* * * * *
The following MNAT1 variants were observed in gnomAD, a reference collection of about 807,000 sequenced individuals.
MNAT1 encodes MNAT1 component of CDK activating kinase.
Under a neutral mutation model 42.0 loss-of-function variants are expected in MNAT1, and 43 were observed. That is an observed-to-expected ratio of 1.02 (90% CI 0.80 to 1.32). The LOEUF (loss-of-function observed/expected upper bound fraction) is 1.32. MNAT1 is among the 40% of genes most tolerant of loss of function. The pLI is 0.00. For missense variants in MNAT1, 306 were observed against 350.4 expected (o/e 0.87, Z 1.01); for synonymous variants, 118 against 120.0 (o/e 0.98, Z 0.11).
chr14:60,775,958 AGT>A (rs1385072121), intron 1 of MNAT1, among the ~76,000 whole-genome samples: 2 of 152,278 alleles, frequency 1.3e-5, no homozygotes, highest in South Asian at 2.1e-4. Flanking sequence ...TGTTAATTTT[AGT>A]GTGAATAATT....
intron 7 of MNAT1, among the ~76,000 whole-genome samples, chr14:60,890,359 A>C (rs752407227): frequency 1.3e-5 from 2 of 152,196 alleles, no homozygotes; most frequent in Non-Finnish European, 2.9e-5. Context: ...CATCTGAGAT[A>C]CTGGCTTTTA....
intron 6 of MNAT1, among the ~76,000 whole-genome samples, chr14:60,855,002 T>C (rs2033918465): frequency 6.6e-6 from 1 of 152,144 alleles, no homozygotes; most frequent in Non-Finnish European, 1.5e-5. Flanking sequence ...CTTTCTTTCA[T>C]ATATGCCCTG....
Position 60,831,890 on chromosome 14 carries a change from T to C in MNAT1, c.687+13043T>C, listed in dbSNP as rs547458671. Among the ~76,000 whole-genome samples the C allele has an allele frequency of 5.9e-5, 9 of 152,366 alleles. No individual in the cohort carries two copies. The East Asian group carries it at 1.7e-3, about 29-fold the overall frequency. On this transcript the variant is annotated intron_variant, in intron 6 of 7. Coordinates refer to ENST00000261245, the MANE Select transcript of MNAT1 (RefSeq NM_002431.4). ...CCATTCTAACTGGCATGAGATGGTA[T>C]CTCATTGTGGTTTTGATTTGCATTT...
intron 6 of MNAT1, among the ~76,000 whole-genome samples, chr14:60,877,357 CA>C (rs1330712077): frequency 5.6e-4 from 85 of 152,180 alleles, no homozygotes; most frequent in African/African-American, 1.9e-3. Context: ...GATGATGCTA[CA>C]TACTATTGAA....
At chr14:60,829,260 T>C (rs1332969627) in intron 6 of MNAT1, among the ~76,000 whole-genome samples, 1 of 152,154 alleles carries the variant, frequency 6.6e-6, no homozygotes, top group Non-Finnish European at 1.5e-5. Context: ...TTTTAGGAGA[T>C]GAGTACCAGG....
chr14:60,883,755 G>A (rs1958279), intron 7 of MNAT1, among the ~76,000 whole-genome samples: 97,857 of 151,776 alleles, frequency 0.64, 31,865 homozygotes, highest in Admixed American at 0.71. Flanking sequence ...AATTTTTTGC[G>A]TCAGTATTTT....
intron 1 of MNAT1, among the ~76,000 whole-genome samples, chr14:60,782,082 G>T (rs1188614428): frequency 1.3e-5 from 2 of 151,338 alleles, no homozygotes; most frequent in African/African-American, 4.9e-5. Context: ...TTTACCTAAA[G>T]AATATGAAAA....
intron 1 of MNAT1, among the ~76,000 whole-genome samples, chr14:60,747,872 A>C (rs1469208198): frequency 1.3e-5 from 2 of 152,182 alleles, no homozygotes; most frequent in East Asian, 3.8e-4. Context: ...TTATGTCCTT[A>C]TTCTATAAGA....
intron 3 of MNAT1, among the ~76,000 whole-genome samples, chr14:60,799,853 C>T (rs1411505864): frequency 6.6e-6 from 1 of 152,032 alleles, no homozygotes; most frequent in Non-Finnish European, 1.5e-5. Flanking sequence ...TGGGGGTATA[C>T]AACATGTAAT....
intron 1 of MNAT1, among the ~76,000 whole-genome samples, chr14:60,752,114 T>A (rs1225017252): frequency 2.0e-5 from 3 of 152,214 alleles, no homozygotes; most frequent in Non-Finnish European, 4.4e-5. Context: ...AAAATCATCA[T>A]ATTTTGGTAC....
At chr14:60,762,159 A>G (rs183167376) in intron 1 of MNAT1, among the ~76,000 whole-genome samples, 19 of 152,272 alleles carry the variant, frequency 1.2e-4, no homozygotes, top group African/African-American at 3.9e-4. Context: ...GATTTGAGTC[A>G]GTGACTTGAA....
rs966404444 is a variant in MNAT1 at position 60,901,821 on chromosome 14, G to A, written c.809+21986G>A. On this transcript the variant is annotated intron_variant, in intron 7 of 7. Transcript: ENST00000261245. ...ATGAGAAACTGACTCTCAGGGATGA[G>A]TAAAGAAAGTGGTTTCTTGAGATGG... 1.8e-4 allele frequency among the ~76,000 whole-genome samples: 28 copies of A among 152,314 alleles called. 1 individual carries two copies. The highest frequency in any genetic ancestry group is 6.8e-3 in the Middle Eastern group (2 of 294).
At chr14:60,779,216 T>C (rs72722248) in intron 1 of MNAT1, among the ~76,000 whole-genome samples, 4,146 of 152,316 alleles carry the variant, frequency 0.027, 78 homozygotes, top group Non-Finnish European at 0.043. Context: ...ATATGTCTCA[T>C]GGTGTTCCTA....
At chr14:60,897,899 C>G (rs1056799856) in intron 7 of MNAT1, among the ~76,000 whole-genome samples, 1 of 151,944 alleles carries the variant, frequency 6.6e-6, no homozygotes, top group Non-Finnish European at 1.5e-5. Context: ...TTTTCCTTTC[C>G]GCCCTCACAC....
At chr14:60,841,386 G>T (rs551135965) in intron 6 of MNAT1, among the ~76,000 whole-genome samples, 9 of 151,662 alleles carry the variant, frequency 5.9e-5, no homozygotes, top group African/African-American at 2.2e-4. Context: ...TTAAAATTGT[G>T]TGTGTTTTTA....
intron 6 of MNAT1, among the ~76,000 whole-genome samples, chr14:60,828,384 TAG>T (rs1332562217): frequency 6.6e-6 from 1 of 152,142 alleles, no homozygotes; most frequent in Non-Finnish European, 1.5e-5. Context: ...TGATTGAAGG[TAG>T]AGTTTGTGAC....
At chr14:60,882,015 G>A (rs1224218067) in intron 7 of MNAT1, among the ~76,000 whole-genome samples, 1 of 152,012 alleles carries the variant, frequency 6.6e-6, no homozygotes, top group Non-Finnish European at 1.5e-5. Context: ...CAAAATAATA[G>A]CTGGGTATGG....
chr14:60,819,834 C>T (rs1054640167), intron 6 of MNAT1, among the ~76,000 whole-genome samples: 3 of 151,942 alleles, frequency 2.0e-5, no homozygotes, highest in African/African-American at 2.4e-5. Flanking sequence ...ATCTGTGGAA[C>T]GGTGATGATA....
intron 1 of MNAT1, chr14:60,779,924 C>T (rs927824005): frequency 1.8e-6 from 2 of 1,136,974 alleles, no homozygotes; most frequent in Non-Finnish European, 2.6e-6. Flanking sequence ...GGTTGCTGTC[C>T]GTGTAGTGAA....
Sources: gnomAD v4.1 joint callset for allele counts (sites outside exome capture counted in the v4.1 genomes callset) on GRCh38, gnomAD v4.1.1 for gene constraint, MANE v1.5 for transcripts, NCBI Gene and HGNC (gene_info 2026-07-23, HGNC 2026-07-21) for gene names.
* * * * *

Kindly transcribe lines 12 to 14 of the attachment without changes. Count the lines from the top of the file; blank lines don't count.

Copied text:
intron 1 of MNAT1, among the ~76,000 whole-genome samples, chr14:60,747,872 A>C (rs1469208198): frequency 1.3e-5 from 2 of 152,182 alleles, no homozygotes; most frequent in East Asian, 3.8e-4. Context: ...TTATGTCCTT[A>C]TTCTATAAGA....
intron 3 of MNAT1, among the ~76,000 whole-genome samples, chr14:60,799,853 C>T (rs1411505864): frequency 6.6e-6 from 1 of 152,032 alleles, no homozygotes; most frequent in Non-Finnish European, 1.5e-5. Flanking sequence ...TGGGGGTATA[C>T]AACATGTAAT....
intron 1 of MNAT1, among the ~76,000 whole-genome samples, chr14:60,752,114 T>A (rs1225017252): frequency 2.0e-5 from 3 of 152,214 alleles, no homozygotes; most frequent in Non-Finnish European, 4.4e-5. Context: ...AAAATCATCA[T>A]ATTTTGGTAC....